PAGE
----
Smells like sustainability: Harnessing ammonia as ship fuel
Ammonia is one of the most promising future fuels in the maritime world, but introducing it to the fuel mix is far from straightforward. What are some of the biggest challenges that need to be overcome? And what are DNV and other companies doing to tackle them?
It smells pungent and if a mere 0.5 per cent of the air you breath consists of it, it will kill you. And yet ammonia is being heralded as one of the best zero-carbon fuel options for deep-sea shipping in particular. In this article we will highlight some of the central questions that need to be answered before ammonia-fuelled ships can hit the water, including the supply, sustainability, engine technology and the necessary safety considerations.
Supply: Shipping will have to compete with other industries
Today, around 80 per cent of the global ammonia supply is used as fertilizer. Where will the ammonia for shipping come from? This is an issue that remains to be resolved, and production would have to ramp up significantly to meet the future demands of both shipping and global agriculture.
“In the context of decarbonization it’s important to understand that when we talk about ammonia’s great potential for shipping, we mean green ammonia. The fuel’s sustainability credentials vary depending on how it is sourced,” explains Hendrik Brinks, Principal Researcher for Zero Carbon Fuels at DNV.
Fuel suppliers working on framework for green ammonia production
The fuel can be categorized as “brown” (produced from fossil sources), “blue” (produced from fossil sources with carbon capture) or “green” (produced from renewably sourced hydrogen in a process called electrolysis). “While the production of blue ammonia results in 85 per cent less CO2 emissions than brown variants, only green ammonia is a zero-carbon fuel,” he adds.
The crux is: green ammonia is currently not produced anywhere. This is expected to change over the coming decade. “Several fuel suppliers are already doing a lot of work on the necessary framework for producing green ammonia, including certification, technology and costs,” says Brinks.
Engine technology: First ammonia-fuelled engine by 2024
While the supply of green ammonia will take time, the development of engine technology is progressing fast. In the AEngine joint development project (JDP), MAN Energy Solutions, Eltronic FuelTech, the Technical University of Denmark and DNV are working together on developing the first dual-fuel ammonia-powered combustion engines. The AEngine project is funded by the Innovation Fund Denmark. With combustion testing scheduled for this spring, MAN’s two-stroke model is expected to go to market in 2024.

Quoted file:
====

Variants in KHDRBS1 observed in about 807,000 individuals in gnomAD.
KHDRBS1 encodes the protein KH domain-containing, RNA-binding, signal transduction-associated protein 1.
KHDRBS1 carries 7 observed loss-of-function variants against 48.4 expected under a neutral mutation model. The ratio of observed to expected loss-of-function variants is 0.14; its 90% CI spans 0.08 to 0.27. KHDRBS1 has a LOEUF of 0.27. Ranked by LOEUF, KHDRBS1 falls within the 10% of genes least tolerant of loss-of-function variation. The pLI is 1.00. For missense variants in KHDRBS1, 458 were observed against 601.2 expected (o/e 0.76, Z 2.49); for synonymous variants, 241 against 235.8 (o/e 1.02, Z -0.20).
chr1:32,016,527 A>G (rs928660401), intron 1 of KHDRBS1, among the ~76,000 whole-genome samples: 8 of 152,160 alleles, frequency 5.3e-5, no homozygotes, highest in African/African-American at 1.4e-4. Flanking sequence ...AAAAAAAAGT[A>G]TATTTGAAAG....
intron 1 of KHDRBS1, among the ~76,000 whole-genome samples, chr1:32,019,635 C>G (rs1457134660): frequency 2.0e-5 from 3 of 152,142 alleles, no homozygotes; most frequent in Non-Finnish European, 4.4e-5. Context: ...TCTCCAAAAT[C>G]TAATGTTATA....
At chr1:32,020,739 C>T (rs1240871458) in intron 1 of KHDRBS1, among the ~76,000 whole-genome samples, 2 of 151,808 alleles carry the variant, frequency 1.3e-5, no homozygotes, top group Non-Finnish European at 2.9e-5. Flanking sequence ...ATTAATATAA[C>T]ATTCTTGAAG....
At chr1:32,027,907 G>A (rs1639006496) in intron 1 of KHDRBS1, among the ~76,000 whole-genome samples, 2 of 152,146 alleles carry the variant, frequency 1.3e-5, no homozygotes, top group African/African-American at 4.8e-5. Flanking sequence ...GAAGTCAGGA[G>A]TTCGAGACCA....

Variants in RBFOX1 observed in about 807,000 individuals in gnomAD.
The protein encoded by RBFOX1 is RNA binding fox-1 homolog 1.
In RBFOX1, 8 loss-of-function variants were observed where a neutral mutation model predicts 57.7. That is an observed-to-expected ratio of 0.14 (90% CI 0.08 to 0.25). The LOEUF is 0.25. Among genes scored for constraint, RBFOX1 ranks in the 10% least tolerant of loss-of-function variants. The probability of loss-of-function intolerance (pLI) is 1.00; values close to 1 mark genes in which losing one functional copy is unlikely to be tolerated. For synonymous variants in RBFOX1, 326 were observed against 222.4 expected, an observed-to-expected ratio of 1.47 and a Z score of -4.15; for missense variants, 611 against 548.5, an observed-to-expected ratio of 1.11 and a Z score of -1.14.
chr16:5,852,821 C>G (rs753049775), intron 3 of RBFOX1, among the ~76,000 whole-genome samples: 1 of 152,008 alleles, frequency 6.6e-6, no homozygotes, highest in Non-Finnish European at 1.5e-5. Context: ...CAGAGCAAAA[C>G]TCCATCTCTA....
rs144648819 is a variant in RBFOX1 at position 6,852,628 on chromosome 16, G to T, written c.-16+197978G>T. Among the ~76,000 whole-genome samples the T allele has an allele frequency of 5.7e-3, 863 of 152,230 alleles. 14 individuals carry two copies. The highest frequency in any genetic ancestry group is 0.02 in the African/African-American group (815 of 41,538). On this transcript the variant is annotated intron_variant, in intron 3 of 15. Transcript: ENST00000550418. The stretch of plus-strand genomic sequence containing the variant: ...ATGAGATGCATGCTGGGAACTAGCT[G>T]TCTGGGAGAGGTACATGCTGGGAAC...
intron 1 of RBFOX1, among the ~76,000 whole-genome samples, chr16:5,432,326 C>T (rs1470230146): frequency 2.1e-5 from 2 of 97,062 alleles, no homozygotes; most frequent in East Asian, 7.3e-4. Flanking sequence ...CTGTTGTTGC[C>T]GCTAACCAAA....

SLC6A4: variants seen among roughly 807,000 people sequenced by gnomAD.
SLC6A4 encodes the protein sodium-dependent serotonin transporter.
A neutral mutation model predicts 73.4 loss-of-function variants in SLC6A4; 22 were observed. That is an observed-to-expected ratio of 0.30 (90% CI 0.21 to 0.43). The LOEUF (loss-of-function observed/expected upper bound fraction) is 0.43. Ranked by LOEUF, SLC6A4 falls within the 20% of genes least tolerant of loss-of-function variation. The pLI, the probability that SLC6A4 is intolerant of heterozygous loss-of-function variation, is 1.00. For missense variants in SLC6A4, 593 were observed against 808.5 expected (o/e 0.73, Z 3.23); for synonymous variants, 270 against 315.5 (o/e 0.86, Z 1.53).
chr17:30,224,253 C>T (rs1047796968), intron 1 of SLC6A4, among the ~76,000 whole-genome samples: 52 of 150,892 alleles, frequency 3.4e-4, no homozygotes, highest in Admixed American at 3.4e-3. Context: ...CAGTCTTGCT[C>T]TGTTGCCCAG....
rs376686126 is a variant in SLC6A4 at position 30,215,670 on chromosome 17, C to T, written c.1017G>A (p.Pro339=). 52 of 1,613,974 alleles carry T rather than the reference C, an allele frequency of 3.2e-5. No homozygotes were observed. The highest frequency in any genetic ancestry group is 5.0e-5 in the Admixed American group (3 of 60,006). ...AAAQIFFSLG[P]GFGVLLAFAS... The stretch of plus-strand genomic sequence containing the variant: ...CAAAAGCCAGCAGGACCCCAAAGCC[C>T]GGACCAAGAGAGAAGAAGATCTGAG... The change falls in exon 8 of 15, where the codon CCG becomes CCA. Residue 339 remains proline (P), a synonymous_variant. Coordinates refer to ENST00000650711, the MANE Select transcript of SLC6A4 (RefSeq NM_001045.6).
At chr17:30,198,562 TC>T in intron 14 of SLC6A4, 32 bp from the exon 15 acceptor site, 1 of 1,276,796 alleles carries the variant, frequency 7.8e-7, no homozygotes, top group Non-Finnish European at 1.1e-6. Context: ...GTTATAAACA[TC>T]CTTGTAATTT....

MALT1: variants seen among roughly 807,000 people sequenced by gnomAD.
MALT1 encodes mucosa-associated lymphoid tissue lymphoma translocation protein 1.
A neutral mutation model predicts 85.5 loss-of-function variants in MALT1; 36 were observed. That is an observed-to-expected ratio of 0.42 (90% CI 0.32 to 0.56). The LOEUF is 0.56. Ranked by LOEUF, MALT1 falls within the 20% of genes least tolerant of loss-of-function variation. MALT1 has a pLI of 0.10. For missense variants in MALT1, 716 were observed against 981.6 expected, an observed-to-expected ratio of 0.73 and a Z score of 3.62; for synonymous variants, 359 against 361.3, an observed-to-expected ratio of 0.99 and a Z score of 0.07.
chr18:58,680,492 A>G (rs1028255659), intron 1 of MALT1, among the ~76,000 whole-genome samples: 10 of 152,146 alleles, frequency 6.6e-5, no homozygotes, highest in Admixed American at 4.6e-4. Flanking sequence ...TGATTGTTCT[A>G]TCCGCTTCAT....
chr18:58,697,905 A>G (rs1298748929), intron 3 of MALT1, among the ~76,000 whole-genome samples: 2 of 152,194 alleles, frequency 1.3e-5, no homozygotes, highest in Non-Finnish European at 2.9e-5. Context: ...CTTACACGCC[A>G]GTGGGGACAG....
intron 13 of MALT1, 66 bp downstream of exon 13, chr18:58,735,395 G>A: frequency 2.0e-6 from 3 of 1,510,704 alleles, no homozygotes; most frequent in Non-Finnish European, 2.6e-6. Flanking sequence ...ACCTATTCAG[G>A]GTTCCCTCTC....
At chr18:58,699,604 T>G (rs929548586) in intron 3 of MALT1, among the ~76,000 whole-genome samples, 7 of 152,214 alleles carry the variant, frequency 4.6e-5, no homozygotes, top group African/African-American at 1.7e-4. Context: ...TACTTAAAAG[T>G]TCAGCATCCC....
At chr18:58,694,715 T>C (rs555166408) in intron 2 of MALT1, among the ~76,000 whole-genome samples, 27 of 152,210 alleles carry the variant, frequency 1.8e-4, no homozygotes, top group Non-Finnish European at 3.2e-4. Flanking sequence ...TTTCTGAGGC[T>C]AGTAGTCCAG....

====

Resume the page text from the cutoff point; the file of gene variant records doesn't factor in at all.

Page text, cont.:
“As an engine designer we are agnostic when it comes to the different fuel types,” says Peter H. Kirkeby, Principal Specialist, Dual-Fuel Engines at MAN Energy Solutions. “Ammonia has generated a lot of interest, especially from the deep-sea ship segments, and it has a lot of potential – but developing an engine that is powered by ammonia has been a challenge. One of the biggest hurdles is how to burn ammonia efficiently to extract the maximum amount of power while making sure the engine is still a compact design.”
Combustion: Ammonia burns more slowly than other fuels
Unlike diesel oil, ammonia has a very slow flame propagation, which means it burns much more slowly. Its autoignition temperature is also a lot higher, at around 630°C – diesel oil burns at 210°C. This means that sustaining combustion once it gets started is also more difficult with ammonia than with other fuels.
“And, of course, you also need to ensure that the engine allows for the usual performance peaks that come with acceleration, etc. We are planning for a final fuel mix that would contain around 95 per cent ammonia and 5 per cent of a pilot fuel such as marine gas oil. In the future this could even be biofuel,” says Kirkeby.
Harmful emissions could be mitigated by combustion process
Mitigating harmful emissions is another significant challenge, even with green ammonia. While carbon-free, ammonia contains a lot of nitrogen, and burning it is likely to result in both nitrogen oxide (NOX) and nitrous oxide emissions. Kirkeby explains that NOX emissions weren’t so much of an issue for the engine manufacturer. “They are well-regulated and the abatement technology for NOX – selective catalytic reaction – is already used on many ships and should also be suitable for ammonia. Nitrous oxide emissions are the greater challenge. N2O, or laughing gas, is a very aggressive greenhouse gas that is 283 times stronger than CO2. Our approach is to use the combustion process itself to mitigate these emissions.”
We have to make it a very simple system that can also handle ammonia – meaning that it is modular enough to allow for easy troubleshooting and for crews to have straightforward maintenance procedures even though the fuel is a toxic substance.